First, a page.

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Surgery in Motion

Robot-assisted Radical Prostatectomy and Extended Pelvic Lymph Node Dissection in Patients with Locally-advanced Prostate Cancer

By: Giorgio Gandagliaa b c , Elisa De Lorenzisd, Giacomo Novarac, Nicola Fossatia b c, Ruben De Grootee, Zach Doveyc, Nazareno Suardia b, Francesco Montorsia b, Alberto Brigantia b, Bernardo Roccod and Alexandre Mottriec

European Urology, Volume 71 Issue 2, February 2017, Pages 249-256

Published online: 01 February 2017

Keywords: Prostate cancer, Radical prostatectomy, Extended pelvic lymph node dissection, Locally advanced, Robot assisted

Abstract Full Text Full Text PDF (1,9 MB)

Abstract

Background

Limited data are available on the role of robot-assisted radical prostatectomy (RARP) in patients with locally advanced prostate cancer (PCa).

Objective

To describe our surgical technique of extrafascial RARP and extended pelvic lymph node dissection (ePLND) in locally advanced PCa.

Design, setting, and participants

Ninety-four patients with clinical stage ≥T3 undergoing RARP with ePLND at three European centers between 2011 and 2015 were retrospectively evaluated.

Surgical procedure

Surgery was performed using the DaVinci Si system. The anatomically defined ePLND included nodes overlying the external iliac axis, those in the obturator fossa, and around the internal iliac artery up to the ureter. RARP was performed using an extrafascial approach where the Denonvillers’ fascia was dissected free and left on the posterior surface of the seminal vesicles.

Measurements

Perioperative outcomes consisted of operative time, blood loss, length of hospital stay, and complications occurred within 30 d after surgery. Biochemical recurrence (BCR) was defined as two consecutive prostate-specific antigen values ≥0.2 ng/ml. Kaplan-Meier analyses assessed time to BCR and clinical recurrence. Multivariable Cox regression analyses assessed predictors of BCR.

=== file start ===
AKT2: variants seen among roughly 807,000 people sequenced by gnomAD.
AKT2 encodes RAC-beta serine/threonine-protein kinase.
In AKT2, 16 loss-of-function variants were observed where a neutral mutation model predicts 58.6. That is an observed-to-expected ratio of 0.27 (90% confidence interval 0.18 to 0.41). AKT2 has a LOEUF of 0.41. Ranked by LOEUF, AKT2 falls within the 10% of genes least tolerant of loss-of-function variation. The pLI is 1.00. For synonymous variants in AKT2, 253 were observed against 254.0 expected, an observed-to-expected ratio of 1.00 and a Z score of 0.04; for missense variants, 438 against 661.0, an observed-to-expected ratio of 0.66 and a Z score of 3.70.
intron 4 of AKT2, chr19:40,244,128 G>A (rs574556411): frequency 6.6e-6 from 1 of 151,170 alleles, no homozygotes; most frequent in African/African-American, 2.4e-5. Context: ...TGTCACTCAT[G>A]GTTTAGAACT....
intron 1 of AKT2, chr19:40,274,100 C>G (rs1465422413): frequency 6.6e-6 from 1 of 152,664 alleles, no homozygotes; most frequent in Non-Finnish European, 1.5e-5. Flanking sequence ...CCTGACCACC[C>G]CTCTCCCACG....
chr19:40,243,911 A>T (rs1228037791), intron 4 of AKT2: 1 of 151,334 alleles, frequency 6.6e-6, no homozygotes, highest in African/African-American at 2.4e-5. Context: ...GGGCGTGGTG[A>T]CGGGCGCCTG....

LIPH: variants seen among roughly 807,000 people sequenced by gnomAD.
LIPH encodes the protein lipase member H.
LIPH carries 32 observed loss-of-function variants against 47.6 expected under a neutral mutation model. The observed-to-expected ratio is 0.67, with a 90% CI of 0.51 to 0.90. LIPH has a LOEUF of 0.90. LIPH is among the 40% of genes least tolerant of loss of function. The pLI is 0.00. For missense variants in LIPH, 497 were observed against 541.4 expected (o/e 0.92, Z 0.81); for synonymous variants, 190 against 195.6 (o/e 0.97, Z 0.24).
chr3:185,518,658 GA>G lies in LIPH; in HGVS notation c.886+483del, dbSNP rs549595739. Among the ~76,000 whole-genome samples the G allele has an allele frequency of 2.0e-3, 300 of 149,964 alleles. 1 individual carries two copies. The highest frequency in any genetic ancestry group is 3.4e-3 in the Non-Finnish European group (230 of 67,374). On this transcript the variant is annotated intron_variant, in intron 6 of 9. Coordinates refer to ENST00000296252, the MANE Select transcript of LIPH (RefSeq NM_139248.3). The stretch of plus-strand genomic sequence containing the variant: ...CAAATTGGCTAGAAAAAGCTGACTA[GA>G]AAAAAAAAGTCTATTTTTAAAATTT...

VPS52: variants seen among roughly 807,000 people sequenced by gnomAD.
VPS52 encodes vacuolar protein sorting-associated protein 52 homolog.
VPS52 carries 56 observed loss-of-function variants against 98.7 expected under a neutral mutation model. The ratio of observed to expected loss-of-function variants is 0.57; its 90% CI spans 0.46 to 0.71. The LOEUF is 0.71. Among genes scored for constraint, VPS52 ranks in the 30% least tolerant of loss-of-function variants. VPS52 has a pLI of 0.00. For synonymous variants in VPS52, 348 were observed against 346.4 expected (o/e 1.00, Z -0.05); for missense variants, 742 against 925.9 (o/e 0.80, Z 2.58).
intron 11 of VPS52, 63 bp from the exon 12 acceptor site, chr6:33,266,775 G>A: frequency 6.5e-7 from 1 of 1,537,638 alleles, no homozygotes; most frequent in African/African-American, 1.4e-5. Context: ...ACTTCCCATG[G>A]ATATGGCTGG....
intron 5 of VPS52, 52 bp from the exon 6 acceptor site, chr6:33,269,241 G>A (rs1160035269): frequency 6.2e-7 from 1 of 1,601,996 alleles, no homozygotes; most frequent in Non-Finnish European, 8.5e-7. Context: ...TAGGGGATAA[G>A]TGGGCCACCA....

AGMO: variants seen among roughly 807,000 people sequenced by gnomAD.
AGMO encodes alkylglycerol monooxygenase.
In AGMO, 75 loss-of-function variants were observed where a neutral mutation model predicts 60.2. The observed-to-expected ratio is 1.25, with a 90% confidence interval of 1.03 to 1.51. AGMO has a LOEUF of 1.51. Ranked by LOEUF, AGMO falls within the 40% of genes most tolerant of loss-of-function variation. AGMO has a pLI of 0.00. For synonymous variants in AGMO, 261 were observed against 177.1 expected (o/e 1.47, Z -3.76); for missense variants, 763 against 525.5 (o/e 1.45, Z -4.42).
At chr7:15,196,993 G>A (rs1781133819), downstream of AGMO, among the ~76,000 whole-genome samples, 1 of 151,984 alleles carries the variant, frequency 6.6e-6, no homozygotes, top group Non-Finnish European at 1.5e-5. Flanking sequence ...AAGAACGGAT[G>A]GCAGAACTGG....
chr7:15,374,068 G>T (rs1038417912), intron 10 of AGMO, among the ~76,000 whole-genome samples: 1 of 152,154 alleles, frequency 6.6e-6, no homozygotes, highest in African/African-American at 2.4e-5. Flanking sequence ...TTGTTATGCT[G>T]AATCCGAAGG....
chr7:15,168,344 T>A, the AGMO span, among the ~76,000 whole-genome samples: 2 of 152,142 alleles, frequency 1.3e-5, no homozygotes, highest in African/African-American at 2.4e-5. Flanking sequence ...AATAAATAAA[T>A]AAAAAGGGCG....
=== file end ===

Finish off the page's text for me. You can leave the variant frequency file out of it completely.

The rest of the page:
Results and limitations

Median operative time, blood loss, and length of hospital stay were 230 min, 200 ml, and 6 d. Overall, 12 (12.7%) patients experienced complications and five (5.3%), four (4.3%), and three (3.2%) patients had Clavien I, II, and III/IV complications. Overall, 72 (76.6%), 35 (37.2%), and 30 (32.3%) patients had pT3/4, pN1, and positive margins. The median number of nodes removed was 16. Overall, 19 (20.2%) and 21 (22.3%) patients received adjuvant radiotherapy and hormonal therapy. The median follow-up was 23.5 mo. At 3-yr follow-up, the BCR- and clinical recurrence-free survival rates were 63.3% and 95.8%. Pathologic stage, Gleason score, and positive margins represented predictors of BCR (all p ≤ 0.03). Our study is limited by its retrospective nature and by the follow-up duration.

Conclusions

RARP represents a well-standardized, safe, and oncological effective option in patients with locally advanced PCa. Pathologic stage, Gleason score, and positive margins should be considered to select patients for multimodal approaches.

Patient summary

Robot-assisted surgery represents a well-standardized, safe, and oncological effective option in men with locally advanced prostate cancer. Two out of three patients treated with this approach are free from recurrence at 3-yr follow-up. Pathologic stage, Gleason score, and positive surgical margins represent predictors of BCR and should be considered to select patients for multimodal approaches.

Take Home Message

We evaluated patients with locally advanced prostate cancer treated with robot-assisted radical prostatectomy and extended pelvic lymph node dissection. Our series demonstrates that this surgical approach is a safe and effective option in this setting, where only one out of 10 patients treated with robot-assisted radical prostatectomy experienced postoperative complications and two out of three patients were free from recurrence at the 3-yr follow-up.

Keywords: Prostate cancer, Radical prostatectomy, Extended pelvic lymph node dissection, Locally advanced, Robot assisted.

Footnotes

a Division of Oncology/Unit of Urology, Urological Research Institute, IRCCS Ospedale San Raffaele, Milan, Italy

b Department of Urology, Vita-Salute San Raffaele University, Milan, Italy

c OLV Vattikuti Robotic Surgery Institute, Melle, Belgium

d Fondazione IRCCS Ca’ Granda Ospedale Maggiore Policlinico, Milano, Italy

e Department of Urology, Onze-Lieve-Vrouw Hospital, Aalst, Belgium

Corresponding author. Division of Oncology/Unit of Urology, Urological Research Institute, IRCCS Ospedale San Raffaele, Via Olgettina 58, Milan 20132, Italy. Tel. +39 0226437286; Fax: +39 0226437286.

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